Today, the world is struggling to resolve an increasing number of civil wars and the changing nature of armed violence. The Dalai Lama has also called it the ‘century of violence’ . Small Arms Survey estimates that more than 5, 26, 000 children, women and men die every year due to armed violence. Boundaries between war field and civil area have become blurred and civilians are engaged in fighting with militias or government armed forces in many countries.
Children have always been the most vulnerable group along with women in times of conflict. Interestingly, the role of children in armed conflict has also changed significantly because of technological advancement in the field of arms and ammunitions.
Often children become the target of the violence though everydescription knows that it’s not their fault. They are part of ‘collateral damage’. According to UN data, children below 18 years constitute 25% of the combatants fighting civil war in more than 30 countries. United Nations estimates that today around 250,000-300,000 children are engaged in armed conflict. Two decades back less number of children were engaged in armed conflict in supporting roles like: as a porter, informer or cook with warring groups. In the last twenty years, the role of children has changed considerably and they have been pushed to the frontlines as fighters.
The availability of new sets of arms especially AK series riffles (AK-47,56,74) which are light weight and can be managed by a child of 10-12 years have made children front line fighters in armed conflicts. Considering the economics of war, recruiting children is more cost effective as they eat less, easy to manage and could be more courageous and committed if recruited at a young age. Recruitment of children has become part of the armed conflicts across the globe as the evidences are there from Sri Lanka, Nepal to South Sudan.
Most often recruitment of children is forced in armed forces, against their own wish. In many countries they were mobilized to protect the pride of their own community while fighting with other groups. The compulsion of taking a side also
makes children vulnerable as in a conflict situation; they cannot be a mere spectator. They get only two options- either leave the village/community or join the group. The classic examples of this in recent years are Nepal and Sri Lanka where children were part of armed groups. In Nepal during the ‘People’s War’, in the area of Maoist influence ,every household was asked to send at least one person to fight the war against the monarchy and many children were forced to join the People’s Liberation Army. Some children see joining armed groups as a livelihood opportunity while others join to avenge the injustice meted out by ‘enemies’ such as state forces or the exploitative groups.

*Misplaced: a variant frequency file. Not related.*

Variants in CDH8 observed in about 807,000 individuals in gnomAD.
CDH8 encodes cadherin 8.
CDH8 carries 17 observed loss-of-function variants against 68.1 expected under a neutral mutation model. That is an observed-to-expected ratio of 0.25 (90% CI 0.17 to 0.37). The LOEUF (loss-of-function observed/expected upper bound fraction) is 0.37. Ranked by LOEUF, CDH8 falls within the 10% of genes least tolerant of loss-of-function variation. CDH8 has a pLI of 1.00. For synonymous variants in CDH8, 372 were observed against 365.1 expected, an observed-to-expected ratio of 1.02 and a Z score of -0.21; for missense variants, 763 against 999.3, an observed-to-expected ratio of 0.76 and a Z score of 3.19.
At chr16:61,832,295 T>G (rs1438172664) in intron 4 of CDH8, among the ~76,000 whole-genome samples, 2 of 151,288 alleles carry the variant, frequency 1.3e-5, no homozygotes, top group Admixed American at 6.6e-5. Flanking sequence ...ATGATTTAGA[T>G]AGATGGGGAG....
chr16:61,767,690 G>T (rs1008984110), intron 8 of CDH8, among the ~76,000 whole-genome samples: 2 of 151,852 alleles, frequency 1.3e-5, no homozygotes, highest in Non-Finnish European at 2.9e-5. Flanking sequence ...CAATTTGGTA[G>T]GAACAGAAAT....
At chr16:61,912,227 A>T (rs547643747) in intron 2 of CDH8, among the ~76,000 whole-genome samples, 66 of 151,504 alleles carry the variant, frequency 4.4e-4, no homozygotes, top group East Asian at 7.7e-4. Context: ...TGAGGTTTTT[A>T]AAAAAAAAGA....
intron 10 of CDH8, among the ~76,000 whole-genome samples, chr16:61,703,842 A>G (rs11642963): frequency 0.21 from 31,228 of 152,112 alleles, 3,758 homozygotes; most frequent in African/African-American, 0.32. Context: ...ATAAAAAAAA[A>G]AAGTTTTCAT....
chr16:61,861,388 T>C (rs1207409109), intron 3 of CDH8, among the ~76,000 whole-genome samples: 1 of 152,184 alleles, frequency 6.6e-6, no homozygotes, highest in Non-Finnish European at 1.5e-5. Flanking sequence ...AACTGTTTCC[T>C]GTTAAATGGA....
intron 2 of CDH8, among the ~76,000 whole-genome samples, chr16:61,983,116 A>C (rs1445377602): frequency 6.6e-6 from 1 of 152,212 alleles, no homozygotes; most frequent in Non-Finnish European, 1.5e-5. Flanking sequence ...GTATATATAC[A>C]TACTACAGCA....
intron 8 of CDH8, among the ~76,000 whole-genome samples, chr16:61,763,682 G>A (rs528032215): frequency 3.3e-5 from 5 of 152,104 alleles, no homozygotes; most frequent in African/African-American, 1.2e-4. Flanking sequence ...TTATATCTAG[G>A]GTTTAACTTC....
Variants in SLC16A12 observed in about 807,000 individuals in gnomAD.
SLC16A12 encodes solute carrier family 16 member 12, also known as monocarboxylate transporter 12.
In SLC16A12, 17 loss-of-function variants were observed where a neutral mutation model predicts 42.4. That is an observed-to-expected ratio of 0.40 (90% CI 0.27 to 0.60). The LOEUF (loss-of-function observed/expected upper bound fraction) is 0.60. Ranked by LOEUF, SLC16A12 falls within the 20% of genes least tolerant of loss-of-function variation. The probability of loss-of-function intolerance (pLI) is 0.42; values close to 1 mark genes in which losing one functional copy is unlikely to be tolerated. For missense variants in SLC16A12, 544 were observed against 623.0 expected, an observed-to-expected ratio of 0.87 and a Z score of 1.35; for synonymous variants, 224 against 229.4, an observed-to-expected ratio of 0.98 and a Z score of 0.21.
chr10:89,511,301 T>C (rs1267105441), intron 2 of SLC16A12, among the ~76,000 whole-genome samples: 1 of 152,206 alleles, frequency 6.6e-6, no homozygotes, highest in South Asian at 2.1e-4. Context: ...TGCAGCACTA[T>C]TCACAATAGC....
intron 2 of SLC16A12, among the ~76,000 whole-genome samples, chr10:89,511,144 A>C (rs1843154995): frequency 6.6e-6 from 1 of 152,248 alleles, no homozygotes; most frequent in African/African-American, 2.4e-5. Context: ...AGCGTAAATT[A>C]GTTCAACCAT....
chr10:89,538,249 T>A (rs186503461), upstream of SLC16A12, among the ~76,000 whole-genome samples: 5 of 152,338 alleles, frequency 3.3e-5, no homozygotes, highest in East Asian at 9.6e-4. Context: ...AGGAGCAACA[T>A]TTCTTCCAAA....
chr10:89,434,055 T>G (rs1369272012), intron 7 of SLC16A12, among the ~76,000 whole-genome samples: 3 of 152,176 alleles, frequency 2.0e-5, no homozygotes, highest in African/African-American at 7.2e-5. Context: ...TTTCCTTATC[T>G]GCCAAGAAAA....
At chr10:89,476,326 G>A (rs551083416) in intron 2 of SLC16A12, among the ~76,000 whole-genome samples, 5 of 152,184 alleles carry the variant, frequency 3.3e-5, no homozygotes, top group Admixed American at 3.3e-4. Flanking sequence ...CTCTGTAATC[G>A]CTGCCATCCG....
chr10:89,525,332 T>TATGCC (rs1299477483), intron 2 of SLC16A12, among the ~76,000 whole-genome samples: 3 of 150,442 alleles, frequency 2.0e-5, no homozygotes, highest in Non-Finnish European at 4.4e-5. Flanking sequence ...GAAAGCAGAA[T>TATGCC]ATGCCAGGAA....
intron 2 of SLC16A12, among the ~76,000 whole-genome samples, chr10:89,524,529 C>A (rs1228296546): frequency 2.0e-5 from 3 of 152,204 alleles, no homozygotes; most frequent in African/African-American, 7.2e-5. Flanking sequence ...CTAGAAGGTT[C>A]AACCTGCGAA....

UNICEF estimates that since 1990, more than 2 million children have been killed because of light weight and sophisticated weapons; more than 6 million are wounded and more than 26 million children have left their home .
The power dynamics in the community also change when there are armed groups. In contrast to traditional societies where older people were the decision makers on social and political issues, now the young children associated with armed groups influence the decisions.
The increased number of small arms is a matter of serious concern as there are more than 875 million small arms in circulation across the world. As the discussion on Millennium Development Goals for post 2015 is on progress, armed conflict should also be considered as one of the lenses to set the new MDGs. The UN Secretary-General and the UN General Assembly both, have recognized the destructive effects of armed violence on the developmental agenda.
Armed conflict not only violates children’s rights but also reduces the pace of development .Developing countries spend 10-15% of their GDP and developed countries spend 5% of their GDP on law enforcement. The new development agenda should also review these aspects because 42% of the total out-of-school children are in countries affected by armed conflict. Armed conflict hampers the developmental agenda, mauls the social fabrics and creates obstacles in human capital development. All countries must share responsibility to reduce the incidents of violence and prevalence of children’s participation in armed conflicts.